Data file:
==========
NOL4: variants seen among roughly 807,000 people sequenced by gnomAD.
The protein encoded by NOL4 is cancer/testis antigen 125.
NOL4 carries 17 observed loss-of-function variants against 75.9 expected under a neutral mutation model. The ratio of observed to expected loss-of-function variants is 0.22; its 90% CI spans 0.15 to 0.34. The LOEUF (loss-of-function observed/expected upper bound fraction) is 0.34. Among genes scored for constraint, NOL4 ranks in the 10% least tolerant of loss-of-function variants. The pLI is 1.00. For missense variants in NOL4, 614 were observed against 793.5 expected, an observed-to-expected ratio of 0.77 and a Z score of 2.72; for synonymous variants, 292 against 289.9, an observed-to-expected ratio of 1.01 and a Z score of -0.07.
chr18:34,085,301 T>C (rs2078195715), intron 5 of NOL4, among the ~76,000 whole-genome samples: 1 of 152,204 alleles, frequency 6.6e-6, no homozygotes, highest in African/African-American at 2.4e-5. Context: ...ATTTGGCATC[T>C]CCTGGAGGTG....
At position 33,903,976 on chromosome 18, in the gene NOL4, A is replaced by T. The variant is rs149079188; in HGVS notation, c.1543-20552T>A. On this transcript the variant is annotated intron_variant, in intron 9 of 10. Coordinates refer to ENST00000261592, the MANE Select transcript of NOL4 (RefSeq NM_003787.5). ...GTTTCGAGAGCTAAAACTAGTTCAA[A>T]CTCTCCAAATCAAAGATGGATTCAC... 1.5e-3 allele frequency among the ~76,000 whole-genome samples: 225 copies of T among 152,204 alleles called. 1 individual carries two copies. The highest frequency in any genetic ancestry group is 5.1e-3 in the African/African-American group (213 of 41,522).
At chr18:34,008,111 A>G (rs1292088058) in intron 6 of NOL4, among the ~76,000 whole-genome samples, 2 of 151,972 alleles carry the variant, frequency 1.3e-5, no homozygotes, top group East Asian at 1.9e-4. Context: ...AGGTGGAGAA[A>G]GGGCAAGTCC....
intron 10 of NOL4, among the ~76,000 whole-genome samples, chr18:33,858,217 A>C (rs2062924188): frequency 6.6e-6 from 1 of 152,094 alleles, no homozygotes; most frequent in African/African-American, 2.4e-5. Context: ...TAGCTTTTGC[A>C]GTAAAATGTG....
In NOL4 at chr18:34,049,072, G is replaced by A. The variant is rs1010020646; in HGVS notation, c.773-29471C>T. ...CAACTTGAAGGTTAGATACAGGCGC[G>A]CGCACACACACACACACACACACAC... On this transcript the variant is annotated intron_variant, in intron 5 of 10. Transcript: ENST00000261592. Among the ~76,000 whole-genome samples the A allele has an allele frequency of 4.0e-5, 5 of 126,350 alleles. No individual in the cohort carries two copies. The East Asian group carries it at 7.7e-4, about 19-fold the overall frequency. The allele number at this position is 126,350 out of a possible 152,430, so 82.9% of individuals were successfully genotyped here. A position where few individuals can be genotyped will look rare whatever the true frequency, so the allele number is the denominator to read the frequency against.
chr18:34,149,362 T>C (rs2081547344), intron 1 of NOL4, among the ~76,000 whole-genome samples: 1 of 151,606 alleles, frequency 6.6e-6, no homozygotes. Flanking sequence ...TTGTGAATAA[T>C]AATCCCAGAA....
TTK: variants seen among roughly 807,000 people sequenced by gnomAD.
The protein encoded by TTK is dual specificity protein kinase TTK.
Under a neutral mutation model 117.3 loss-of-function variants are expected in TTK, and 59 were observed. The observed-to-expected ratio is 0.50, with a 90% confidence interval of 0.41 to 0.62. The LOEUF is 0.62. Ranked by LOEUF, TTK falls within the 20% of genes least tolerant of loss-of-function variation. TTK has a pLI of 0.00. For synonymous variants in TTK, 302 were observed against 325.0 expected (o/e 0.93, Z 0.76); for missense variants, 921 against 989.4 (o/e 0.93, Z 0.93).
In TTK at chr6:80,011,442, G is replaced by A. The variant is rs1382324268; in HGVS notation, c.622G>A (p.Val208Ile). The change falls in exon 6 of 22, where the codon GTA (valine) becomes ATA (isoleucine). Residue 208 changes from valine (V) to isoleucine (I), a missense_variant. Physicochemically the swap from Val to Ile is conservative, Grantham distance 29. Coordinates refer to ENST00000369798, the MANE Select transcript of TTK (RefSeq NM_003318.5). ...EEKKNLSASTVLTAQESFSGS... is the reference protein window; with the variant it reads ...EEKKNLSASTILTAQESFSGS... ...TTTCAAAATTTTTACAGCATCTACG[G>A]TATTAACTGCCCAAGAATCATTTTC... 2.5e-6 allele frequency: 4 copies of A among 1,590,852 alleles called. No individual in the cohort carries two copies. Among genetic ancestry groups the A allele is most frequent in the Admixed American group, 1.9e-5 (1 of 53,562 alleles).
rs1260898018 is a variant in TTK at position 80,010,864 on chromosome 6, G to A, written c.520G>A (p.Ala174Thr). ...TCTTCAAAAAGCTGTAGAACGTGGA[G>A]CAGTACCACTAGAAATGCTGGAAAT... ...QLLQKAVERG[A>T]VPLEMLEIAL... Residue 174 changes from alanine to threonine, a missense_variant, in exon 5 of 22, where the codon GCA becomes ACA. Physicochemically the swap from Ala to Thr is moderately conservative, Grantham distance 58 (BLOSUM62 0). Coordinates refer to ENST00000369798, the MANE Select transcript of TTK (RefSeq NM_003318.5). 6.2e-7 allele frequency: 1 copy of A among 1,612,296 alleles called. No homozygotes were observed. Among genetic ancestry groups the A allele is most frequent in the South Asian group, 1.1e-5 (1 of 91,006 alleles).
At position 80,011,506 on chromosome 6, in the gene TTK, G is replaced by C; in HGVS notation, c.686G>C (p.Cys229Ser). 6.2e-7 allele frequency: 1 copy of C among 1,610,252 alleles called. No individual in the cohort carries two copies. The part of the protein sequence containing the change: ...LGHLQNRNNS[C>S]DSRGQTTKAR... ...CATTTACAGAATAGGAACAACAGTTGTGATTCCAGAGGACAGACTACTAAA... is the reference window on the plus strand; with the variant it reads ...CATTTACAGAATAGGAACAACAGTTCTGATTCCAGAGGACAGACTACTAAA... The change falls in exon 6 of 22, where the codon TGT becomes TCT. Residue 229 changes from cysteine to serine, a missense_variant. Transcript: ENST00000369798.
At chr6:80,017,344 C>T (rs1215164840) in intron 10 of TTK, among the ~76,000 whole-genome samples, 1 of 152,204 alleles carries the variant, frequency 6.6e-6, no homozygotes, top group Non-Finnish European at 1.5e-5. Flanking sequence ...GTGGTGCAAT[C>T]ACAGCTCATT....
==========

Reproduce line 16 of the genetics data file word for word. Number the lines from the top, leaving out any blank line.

At chr6:80,017,344 C>T (rs1215164840) in intron 10 of TTK, among the ~76,000 whole-genome samples, 1 of 152,204 alleles carries the variant, frequency 6.6e-6, no homozygotes, top group Non-Finnish European at 1.5e-5. Flanking sequence ...GTGGTGCAAT[C>T]ACAGCTCATT....